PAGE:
The Disputes Tribunal hearings
Before the hearing
What can I do to prepare for the Disputes Tribunal hearing?
Whether you are the applicant or the respondent, you should prepare as much as you can for the Disputes Tribunal hearing:
- Add more information to your claim, if anything comes up – you can add more information to your claim even after you submit the initial paperwork. You can email the Tribunal and get them to attach the information to your file, or just bring the information on the day.
- Practice your argument – Write down the main things you want to say and organise them into a clear and logical order to explain your side of the story.
- Bring supporting documents – Organise evidence that might support your side of the dispute, such as letters, invoices, receipts, screenshots, agreements or contracts, quotes, photographs, or police reports. You can use your phone as evidence, but it’s better to provide paper copies of messages and emails.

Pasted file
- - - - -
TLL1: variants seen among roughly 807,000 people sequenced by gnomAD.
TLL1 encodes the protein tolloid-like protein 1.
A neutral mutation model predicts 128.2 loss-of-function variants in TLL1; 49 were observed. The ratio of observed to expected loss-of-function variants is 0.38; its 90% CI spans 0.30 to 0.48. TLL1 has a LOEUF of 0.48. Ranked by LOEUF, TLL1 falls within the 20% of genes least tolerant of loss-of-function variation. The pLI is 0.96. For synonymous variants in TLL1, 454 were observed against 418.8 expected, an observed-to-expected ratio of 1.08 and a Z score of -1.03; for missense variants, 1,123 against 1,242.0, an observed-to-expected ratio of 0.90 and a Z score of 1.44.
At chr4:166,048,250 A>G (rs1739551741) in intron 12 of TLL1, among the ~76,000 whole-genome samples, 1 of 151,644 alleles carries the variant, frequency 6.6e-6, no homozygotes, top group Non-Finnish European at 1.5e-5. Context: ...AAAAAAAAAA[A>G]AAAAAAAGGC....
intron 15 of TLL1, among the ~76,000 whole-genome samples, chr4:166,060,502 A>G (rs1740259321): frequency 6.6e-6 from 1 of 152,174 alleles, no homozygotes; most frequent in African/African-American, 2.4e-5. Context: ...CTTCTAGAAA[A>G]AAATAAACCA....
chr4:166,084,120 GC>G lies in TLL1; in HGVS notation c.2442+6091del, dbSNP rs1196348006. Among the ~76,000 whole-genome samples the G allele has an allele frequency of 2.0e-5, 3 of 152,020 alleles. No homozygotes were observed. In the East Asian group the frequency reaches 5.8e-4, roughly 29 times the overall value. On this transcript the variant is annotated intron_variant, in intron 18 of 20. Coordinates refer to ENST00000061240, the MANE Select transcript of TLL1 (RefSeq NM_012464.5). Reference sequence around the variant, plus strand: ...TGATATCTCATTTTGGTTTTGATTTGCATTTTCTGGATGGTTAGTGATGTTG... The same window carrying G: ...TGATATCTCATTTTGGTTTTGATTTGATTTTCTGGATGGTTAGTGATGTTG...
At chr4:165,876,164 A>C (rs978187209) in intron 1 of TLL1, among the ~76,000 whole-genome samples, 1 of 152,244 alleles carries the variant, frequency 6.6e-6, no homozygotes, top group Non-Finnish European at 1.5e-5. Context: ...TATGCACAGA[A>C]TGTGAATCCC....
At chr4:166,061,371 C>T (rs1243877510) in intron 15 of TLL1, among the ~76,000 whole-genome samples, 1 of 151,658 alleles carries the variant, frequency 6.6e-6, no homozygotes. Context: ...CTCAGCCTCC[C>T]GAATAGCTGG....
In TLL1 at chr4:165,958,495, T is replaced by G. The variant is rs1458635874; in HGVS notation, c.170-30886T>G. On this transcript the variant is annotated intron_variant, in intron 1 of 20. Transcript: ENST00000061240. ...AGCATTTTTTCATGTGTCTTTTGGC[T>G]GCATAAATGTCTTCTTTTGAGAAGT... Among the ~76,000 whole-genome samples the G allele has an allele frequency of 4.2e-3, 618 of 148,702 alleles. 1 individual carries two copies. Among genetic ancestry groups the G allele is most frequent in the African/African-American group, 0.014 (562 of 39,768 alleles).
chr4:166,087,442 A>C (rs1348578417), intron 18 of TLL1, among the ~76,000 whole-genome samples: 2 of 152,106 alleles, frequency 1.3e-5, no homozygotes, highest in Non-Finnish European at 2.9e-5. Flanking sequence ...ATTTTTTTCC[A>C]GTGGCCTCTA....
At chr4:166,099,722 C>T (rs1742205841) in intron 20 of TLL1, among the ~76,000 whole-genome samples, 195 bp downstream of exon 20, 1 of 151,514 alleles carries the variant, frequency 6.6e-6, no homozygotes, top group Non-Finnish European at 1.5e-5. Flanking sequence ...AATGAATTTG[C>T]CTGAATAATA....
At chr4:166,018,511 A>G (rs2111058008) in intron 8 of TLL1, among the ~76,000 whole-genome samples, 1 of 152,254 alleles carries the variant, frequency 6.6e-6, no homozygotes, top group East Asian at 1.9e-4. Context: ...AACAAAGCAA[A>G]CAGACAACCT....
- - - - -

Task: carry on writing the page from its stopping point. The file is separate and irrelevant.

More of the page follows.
- Witnesses – Ask any witnesses to be present at the hearing. If a witness refuses to go to the hearing, the Disputes Tribunal can order them to attend.
Note: You can’t have a lawyer attend the Tribunal with you, but you can get help from a lawyer with the paperwork and organising your arguments. Your local Community Law centre might be able to help you with this for free.
Do I have to submit my evidence before the hearing?
You can submit your evidence and arguments as an attachment to your claim form, or email it to the Tribunal before the hearing, or bring it with you on the day. The referee shouldn’t reject the evidence just because you didn’t send it in advance.
The referee might decide to delay the hearing if they think the other side needs more time to read and go over the evidence if they haven’t seen it before.
If a hearing goes ahead and someone hasn’t had reasonable time to prepare their side of the story, that may be grounds for an appeal.